Monthly Archives : January 2012

Withdrawals from Qualified Plans for Those under Age 59 ½

Withdrawals from Qualified Plans for Those under Age 59 ½

Retirement plans often represent the largest asset an individual may own.   In these unsettling economic times, an individual may want to access this asset to pay bills or for other needs.   Typically, if an individual under age 59 ½ wants to withdraw monies from a qualified plan, the IRS will impose a 10 percent penalty.

There are a series of exceptions to the 10 percent penalty, but the exceptions can vary depending on whether the retirement plan is an IRA or 401(k) plan or other qualified plans.

The following rules for a penalty free withdrawal are the same whether the withdrawal is from an IRA or from a 401(k) plan, if the account owner: 

  1. Becomes totally disabled;
  2. Is required by court order to give money to a spouse as part of Divorce or legal separation (i.e. a QDRO);
  3. Has medical expense that exceed 7.5% of adjusted gross income;
  4. Is separated from service (through termination, permanent layoff, quitting or early retirement) in a year when the account owner turned 55 or later; or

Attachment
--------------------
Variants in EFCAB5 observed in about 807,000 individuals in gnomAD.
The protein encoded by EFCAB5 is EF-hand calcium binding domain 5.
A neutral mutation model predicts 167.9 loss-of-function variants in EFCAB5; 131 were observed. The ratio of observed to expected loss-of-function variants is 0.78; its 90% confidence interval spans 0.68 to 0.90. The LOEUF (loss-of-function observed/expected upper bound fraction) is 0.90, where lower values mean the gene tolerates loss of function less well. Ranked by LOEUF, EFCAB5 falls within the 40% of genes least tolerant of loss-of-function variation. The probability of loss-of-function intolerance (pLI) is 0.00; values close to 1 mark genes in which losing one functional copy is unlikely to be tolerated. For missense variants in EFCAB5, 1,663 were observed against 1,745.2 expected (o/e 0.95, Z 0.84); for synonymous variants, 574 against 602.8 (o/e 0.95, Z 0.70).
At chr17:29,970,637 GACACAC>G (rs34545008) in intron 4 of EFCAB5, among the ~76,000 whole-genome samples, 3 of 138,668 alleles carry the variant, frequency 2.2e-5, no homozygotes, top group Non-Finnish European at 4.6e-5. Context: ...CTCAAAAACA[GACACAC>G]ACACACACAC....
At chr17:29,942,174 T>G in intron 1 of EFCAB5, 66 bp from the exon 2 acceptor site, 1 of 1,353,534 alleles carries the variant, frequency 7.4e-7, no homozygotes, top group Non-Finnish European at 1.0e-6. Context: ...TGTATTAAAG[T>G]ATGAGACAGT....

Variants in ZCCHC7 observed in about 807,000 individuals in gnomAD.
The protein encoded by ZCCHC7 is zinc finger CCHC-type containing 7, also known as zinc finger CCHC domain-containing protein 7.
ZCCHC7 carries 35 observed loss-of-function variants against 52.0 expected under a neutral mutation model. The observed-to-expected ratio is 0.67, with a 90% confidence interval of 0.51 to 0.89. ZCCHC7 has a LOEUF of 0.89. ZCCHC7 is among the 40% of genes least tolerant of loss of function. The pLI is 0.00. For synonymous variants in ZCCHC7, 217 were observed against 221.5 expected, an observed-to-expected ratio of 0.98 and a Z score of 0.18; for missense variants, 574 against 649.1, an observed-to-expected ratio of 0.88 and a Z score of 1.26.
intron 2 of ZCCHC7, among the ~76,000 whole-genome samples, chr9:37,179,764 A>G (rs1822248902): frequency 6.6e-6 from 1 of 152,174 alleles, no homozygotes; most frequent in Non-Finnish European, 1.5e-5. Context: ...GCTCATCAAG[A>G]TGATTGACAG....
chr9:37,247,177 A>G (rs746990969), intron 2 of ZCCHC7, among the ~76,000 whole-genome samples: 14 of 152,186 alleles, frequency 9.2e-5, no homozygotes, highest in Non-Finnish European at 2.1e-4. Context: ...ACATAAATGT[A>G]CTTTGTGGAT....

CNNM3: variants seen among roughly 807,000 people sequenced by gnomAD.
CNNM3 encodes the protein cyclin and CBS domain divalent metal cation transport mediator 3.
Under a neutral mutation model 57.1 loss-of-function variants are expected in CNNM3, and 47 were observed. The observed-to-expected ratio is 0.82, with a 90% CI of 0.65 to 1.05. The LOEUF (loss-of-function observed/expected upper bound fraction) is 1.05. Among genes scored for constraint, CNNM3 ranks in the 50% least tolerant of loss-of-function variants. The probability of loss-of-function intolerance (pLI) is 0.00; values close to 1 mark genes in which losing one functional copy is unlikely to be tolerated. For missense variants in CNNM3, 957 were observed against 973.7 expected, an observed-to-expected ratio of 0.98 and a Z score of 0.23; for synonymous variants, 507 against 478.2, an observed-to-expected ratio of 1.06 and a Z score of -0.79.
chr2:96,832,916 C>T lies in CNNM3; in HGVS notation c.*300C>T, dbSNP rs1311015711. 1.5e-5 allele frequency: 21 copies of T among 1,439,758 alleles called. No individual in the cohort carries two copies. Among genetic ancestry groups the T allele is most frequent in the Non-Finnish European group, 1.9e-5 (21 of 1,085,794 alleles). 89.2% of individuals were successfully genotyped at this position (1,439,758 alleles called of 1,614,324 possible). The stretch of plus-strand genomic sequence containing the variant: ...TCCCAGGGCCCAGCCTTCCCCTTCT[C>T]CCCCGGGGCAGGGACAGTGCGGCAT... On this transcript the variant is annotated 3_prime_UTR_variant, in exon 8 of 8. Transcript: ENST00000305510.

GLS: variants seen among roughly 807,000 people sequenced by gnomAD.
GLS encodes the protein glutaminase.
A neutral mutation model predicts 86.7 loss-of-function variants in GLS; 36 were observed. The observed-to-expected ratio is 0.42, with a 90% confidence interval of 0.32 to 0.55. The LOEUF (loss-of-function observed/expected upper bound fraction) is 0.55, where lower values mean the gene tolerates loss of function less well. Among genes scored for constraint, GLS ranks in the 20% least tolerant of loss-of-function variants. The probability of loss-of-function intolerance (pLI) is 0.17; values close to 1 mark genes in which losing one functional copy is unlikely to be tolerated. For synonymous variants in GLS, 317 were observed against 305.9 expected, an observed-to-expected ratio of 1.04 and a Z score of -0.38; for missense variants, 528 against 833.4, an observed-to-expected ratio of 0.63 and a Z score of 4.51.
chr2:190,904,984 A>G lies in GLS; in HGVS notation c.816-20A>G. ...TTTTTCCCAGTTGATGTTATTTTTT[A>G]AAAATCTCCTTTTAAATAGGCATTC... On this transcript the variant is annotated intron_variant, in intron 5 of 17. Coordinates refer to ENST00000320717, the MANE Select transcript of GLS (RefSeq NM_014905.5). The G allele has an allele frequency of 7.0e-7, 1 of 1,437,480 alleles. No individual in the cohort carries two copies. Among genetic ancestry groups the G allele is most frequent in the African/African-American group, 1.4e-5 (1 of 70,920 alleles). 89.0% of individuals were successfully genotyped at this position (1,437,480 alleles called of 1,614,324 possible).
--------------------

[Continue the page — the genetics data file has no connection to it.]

5. Subject to certain conditions, takes withdrawals in substantially equal amounts over owner’s life expectancy.

There are other means of penalty free withdrawals from IRAs, (but not 401(k)s): 

  1. To pay health insurance premiums during a period of unemployment lasting 12 consecutive weeks;
  2. To pay for tuition, room and board and books (net of scholarship) for spouse, child or grandchild;
  3. To pay up to $10,000 to purchase first home.

There are also hardship withdrawals from 401(k)s which would include costs  (subject to certain condition) related to purchase of principal residence not to exceed $10,000, payment of tuition, funeral expenses and the like.

Interestingly, an owner can take a loan from a 401(k) plan (but not from an IRA).  There are many conditions that must be met, but there are certain advantages; particularly, no credit checks, low interest rates, no financial hardship requisites, and interest paid on the account is paid to the account owner’s account, not to a bank or credit card company.  

Potential job loss poses the biggest disadvantage.  The loan must be immediately paid back (within 60 days) if account owner loses his or her job or changes employers.

For more information, refer to the IRS website, “Retirement Plans FAQs Regarding Hardship Distributions,”,,id=162416,00.html  and “Retirement Plans FAQs Regarding IRA Distributions,”,,id=111413,00.html.